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                                                                              THE END!!

Thanks for stopping by… talk to you later,  Judy

20 comments:

  1. You should share your recipe for cheesy pretzels! That farmers market looks fantastic! Fresh is so much better! Lucky you! :)

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  2. I am fortunate to have fresh produce year around and I'm so grateful for it. I couldn't ever open a can of vegetables again, nor do I even like frozen (unless I freeze it myself). I also have always preferred salty to sweet, but now I devour anything I can get my hands on.

    That little birdie is so pretty.

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  3. I loved your desert concert. Way to go Emma. I like both the sweet and the salty and preferably together.

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  4. Something I've learned in my salad days (er...when I was leading large groups) is that if you want to keep your audience active and awake when you have a dull subject, give them sweets in the morning and salty things in the afternoon. Now I'd never admit to delivering a dull subject, but...

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  5. ...and the recipe for "cheesy pretzels is???????

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  6. You captured the red on the verdin's shoulder... how neat is that! Oh my... those fresh veggies.... love 'em!

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  7. Okay, you got me. What's a "punkie pretzel"? I'm already confused enough with my new computer without you adding to my confusion with these technical terms... :cD

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  8. One more vote for the Cheesy Pretzel recipe! :)

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  9. I am not much for iceberg, liking the darker leafed varieties. But fresh no matter what kind, is always welcome. While in Amish country in PA. earlier in the month we got HUGE cabbage for $1.00 and enormous cauliflower for $1.50. Looking forward to getting to the Rio Grande Valley for their oranges and grapefruit. Having different fresh local produce for various parts of the country is just one more benefit of the vagabond lifestyle.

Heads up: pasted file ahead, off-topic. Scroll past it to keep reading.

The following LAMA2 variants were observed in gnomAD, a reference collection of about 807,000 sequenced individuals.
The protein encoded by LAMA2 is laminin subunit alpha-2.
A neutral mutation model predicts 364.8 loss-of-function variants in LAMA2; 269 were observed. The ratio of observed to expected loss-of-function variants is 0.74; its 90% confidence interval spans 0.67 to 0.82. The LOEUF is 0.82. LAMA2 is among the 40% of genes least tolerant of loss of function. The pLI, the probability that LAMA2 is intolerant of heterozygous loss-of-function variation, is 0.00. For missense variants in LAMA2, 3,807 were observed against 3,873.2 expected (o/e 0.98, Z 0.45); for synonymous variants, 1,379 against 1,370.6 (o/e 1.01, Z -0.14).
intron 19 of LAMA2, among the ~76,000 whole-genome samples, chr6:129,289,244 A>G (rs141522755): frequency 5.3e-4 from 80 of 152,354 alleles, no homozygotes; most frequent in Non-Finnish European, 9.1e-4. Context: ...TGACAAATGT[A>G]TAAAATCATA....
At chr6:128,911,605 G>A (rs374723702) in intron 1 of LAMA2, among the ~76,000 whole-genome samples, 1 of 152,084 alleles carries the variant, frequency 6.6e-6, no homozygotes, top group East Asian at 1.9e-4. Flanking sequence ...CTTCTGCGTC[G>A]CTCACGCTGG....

Good Emma - keep those coyotes at bay.

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  10. Our MH was parked right by a field of celery last year when we were in Yuma...we woke up every morning to the wonderful smell of fresh celery. I was amazed by all the fields of veggies and even more amazed at how they are picked and packaged right in the field.
    I spent more than an hour yesterday searching in my new Sibley Bird guide looking for the Verdin. And finally identified it. Can you believe we had one on our Hummingbird feeder yesterday as well? My first time to see one! I actually got a picture of the Verdin and a Anna's Hummingbird sharing an afternoon snack!

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  11. Fog is something we rarely see in the desert.

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  12. Love "Emma's Imperial Desert Suite". Too funny. I love to hear coyotes howling. This NWR sure is in a fabulous area and your site move was A#1. Can't believe that fog. I've never seen a Verdin. Too cute! I wonder what will eventually happen to all those delicious looking vegetables once the water wars officially begin?

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  13. Amazing photo of the Verdin leaning in to sup from the feeder -- agile little feller! Neat to see. Don't know that I've ever seen one before, but, then again, as you say, they don't hold still long enough to get a good look! Our little birds are "drowning" in NorCal! :- )

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  14. The produce in that area is amazing. Excellent photos as usual.

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  15. Fabulous pictures of that Verdin. I don't know that I have ever seen one. Farmers have really had to expand in order to make a living. Our farm used to grow a couple of crops ( cotton and something for rotation) and now my brother does 7 or 8 per year.

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  16. I like the cabbage shot with the mountains in the background...all the crops remind me of south Texas...and no, you can't beat fresh!!!

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  17. I especially like the mind image of Emma's bark resonating and multiplying!

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  18. I love the sound of coyotes, I'm sure I won't be hearing it for awhile now that camping season is done for me. I'll have to live vicariously through you and everyone else out there on the road this winte.r